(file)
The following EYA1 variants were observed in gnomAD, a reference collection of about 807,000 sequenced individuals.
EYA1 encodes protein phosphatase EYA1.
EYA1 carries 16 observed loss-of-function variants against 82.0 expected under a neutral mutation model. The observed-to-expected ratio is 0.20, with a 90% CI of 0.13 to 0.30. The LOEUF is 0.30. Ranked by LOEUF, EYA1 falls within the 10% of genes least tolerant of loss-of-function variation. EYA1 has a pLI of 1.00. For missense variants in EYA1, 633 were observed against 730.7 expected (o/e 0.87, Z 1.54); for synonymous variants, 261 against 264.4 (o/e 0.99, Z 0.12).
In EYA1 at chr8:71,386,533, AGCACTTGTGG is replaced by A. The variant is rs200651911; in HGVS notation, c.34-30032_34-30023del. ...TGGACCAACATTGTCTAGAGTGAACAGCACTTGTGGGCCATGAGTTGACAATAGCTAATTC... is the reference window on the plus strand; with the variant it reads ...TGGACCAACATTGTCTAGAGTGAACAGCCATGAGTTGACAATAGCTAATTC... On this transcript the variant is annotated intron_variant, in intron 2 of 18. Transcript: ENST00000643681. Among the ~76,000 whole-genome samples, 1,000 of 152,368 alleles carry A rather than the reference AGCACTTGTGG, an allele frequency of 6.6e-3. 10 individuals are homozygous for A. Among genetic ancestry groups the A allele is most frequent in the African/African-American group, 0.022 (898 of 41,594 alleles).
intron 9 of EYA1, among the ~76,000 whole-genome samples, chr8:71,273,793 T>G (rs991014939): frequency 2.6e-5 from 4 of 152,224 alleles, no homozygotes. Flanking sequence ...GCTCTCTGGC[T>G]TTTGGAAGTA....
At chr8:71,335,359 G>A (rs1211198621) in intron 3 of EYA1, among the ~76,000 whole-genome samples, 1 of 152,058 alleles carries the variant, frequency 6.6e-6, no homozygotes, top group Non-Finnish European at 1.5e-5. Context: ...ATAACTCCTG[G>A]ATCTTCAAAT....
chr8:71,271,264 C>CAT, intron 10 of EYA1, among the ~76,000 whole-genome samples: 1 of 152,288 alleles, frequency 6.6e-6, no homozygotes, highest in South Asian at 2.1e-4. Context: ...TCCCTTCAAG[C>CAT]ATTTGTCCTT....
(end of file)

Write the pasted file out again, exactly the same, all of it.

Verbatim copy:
The following EYA1 variants were observed in gnomAD, a reference collection of about 807,000 sequenced individuals.
EYA1 encodes protein phosphatase EYA1.
EYA1 carries 16 observed loss-of-function variants against 82.0 expected under a neutral mutation model. The observed-to-expected ratio is 0.20, with a 90% CI of 0.13 to 0.30. The LOEUF is 0.30. Ranked by LOEUF, EYA1 falls within the 10% of genes least tolerant of loss-of-function variation. EYA1 has a pLI of 1.00. For missense variants in EYA1, 633 were observed against 730.7 expected (o/e 0.87, Z 1.54); for synonymous variants, 261 against 264.4 (o/e 0.99, Z 0.12).
In EYA1 at chr8:71,386,533, AGCACTTGTGG is replaced by A. The variant is rs200651911; in HGVS notation, c.34-30032_34-30023del. ...TGGACCAACATTGTCTAGAGTGAACAGCACTTGTGGGCCATGAGTTGACAATAGCTAATTC... is the reference window on the plus strand; with the variant it reads ...TGGACCAACATTGTCTAGAGTGAACAGCCATGAGTTGACAATAGCTAATTC... On this transcript the variant is annotated intron_variant, in intron 2 of 18. Transcript: ENST00000643681. Among the ~76,000 whole-genome samples, 1,000 of 152,368 alleles carry A rather than the reference AGCACTTGTGG, an allele frequency of 6.6e-3. 10 individuals are homozygous for A. Among genetic ancestry groups the A allele is most frequent in the African/African-American group, 0.022 (898 of 41,594 alleles).
intron 9 of EYA1, among the ~76,000 whole-genome samples, chr8:71,273,793 T>G (rs991014939): frequency 2.6e-5 from 4 of 152,224 alleles, no homozygotes. Flanking sequence ...GCTCTCTGGC[T>G]TTTGGAAGTA....
At chr8:71,335,359 G>A (rs1211198621) in intron 3 of EYA1, among the ~76,000 whole-genome samples, 1 of 152,058 alleles carries the variant, frequency 6.6e-6, no homozygotes, top group Non-Finnish European at 1.5e-5. Context: ...ATAACTCCTG[G>A]ATCTTCAAAT....
chr8:71,271,264 C>CAT, intron 10 of EYA1, among the ~76,000 whole-genome samples: 1 of 152,288 alleles, frequency 6.6e-6, no homozygotes, highest in South Asian at 2.1e-4. Context: ...TCCCTTCAAG[C>CAT]ATTTGTCCTT....